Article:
Heel spurs can cause you intense pain.
Heel spurs project from the underside of the back of the heel and create pain when you walk. The spurs are the result of inflammation in the Achilles tendon. When you have spurs under the sole of your foot this is the result of inflammation of the bowstring-like tissue, or the plantar fascia, that runs from the heel underneath the sole to the front of the foot. When you step down on the heel of your foot, the pain gets worse. When a person is suffering from heel spurs or plantar fasciitis this is the result of the force that is exerted on the body when walking.
1. Elevate your heel with a heel lift that is 3/8 of an inch, or wearing shoes that have a higher heel or wedged heel. When you elevate the heel, you are reducing the tension on the foot and heel and the elevation also changes the angle of the foot and the way it strikes the ground, altering the way the load is supported.
2. Stretch your calves. The calf muscles enable the foot to bend back easily, so if the calves are stretched and flexible there is less tension on the foot bottom, when you are walking or running. A good way to stretch your calves is to stand in front of a wall, placing your hands on the wall. Now step back with your right foot. Bend the left leg, but do not bend the extended right leg. Make sure that your right foot is flat on the floor. You are in a lunge position. Hold this position for 10 seconds and then repeat on the other side.
3. Apply athletic tape to the bottom of the foot, from the toes to the heel. This will reduce tension because the tape prevents the fascia from stretching. You can place another strip of tape around the arch of your foot at a 90-degree angle, to help keep the bottom strips connected. This will help distribute the tension more effectively. Don’t come up too high on the back of the heel with the tape, because the skin in this area needs to be able to stretch when you are walking. Stretch your calf muscles immediately after you apply the tape to your feet.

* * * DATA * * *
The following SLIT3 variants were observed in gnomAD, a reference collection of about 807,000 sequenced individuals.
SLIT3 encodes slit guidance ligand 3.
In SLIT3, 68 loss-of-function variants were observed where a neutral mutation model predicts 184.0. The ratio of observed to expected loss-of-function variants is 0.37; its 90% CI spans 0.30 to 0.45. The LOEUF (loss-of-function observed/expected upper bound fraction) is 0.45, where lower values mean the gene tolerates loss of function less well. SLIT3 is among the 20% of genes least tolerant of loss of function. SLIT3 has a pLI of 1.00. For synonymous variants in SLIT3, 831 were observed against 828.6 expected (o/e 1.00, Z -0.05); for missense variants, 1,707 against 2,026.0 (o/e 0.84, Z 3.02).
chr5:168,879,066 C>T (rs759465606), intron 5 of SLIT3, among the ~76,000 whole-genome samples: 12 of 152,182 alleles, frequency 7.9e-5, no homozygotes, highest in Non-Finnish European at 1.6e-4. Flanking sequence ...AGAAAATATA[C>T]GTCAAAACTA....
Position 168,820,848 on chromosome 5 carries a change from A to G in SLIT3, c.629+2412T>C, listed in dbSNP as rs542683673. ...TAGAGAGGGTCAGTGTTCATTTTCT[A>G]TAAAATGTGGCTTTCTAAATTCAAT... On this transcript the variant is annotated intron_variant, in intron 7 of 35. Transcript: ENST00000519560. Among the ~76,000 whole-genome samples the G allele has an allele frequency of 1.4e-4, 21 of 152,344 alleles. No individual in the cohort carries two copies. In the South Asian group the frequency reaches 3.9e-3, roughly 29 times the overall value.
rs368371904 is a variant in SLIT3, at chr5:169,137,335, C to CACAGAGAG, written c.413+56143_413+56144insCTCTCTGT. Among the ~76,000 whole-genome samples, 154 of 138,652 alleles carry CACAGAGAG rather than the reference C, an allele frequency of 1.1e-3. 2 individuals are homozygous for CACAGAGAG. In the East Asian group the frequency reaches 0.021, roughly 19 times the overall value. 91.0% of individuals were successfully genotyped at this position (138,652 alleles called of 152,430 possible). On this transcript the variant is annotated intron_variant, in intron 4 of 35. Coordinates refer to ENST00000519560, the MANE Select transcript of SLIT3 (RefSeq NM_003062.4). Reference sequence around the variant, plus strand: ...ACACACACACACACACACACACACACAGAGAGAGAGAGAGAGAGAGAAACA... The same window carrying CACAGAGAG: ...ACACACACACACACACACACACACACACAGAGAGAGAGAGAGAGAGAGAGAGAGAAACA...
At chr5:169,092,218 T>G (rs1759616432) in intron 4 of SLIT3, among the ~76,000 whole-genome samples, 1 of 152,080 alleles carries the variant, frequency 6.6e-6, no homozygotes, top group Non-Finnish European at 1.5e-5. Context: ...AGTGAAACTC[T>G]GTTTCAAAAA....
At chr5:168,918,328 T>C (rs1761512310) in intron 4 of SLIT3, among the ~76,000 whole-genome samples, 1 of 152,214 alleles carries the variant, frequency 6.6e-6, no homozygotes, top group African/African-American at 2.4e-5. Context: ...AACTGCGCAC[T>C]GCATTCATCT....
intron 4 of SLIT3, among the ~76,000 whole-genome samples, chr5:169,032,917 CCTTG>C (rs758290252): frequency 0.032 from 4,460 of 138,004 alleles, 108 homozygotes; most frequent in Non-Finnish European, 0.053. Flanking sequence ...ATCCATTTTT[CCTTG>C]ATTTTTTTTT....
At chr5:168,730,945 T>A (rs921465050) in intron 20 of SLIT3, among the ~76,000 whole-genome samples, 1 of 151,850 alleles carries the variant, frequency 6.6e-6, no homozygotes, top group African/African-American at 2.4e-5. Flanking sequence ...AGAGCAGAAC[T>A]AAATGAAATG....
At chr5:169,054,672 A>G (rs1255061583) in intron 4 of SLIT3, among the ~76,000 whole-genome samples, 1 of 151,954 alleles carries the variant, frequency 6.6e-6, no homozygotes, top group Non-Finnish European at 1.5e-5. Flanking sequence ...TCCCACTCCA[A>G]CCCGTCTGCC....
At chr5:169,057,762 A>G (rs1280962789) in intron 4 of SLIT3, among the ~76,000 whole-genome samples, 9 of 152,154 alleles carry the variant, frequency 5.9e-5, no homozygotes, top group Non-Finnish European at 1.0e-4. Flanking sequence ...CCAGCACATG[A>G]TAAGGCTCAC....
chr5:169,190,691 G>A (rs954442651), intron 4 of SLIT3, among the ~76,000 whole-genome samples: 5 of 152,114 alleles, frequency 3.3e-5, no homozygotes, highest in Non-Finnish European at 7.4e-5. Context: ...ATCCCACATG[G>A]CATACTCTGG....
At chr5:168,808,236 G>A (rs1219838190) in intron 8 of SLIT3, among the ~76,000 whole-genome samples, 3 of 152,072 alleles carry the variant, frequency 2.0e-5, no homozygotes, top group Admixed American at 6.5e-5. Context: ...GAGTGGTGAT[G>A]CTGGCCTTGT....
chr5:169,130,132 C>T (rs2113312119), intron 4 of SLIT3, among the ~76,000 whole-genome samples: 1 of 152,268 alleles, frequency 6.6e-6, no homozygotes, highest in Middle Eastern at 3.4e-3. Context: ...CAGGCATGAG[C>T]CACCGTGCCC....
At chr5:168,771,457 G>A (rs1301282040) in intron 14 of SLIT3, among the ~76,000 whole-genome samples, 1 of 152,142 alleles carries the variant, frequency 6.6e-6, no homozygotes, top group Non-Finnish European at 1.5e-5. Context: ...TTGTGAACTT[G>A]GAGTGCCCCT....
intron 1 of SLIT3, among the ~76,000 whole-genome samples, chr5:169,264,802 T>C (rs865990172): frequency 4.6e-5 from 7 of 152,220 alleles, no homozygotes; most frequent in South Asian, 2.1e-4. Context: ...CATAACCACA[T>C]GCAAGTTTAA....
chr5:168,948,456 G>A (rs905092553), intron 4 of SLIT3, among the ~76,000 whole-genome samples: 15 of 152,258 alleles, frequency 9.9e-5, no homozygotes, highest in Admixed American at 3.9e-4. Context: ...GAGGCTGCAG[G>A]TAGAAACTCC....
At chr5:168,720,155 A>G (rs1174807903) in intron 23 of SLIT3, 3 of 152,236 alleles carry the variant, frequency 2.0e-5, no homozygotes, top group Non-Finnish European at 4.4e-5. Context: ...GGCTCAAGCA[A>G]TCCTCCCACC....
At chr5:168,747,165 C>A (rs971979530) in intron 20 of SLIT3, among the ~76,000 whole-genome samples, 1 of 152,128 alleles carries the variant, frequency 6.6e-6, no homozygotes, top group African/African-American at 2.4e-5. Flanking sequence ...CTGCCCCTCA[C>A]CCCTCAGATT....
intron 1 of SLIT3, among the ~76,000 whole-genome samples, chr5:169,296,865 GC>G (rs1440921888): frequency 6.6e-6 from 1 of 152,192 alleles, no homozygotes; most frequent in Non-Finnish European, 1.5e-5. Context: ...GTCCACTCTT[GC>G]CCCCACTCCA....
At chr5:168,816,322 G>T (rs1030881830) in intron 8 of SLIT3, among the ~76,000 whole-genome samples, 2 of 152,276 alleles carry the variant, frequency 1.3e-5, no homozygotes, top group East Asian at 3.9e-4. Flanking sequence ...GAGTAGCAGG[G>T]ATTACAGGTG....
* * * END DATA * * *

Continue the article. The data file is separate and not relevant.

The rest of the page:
4. Take non-steroidal anti-inflammatory (NSAIDs) medication to reduce swelling and pain. You can also apply anti-inflammatory topical medications that reduce inflammation.
5. Consider shockwave therapy for treating heels spurs. An acoustic wave of energy is aimed at the painful area and the shock waves create micro-trauma to this area, which then stimulates a focused and intense inflammatory response, which prompts healing.
6. Lose weight. When you are overweight you are far more likely to experience heel spurs, particularly if you are a woman. Fat deposits lower on a woman’s body than it does on a man’s which lowers a woman’s center of gravity. This results in too much tension in the plantar fasciitis, particularly if there isn’t good flexibility in the calf muscles.
7. Ice your foot after you have been active. Ice will reduce swelling and pain.
Wear arch supports in your shoes.
8. Consider surgery. A new surgical technique was invented by Dr. Steve Barret of Spring, Texas, and is called Endoscopic Plantar Fasciotomy or EPF. This procedure reduces the risk of complications.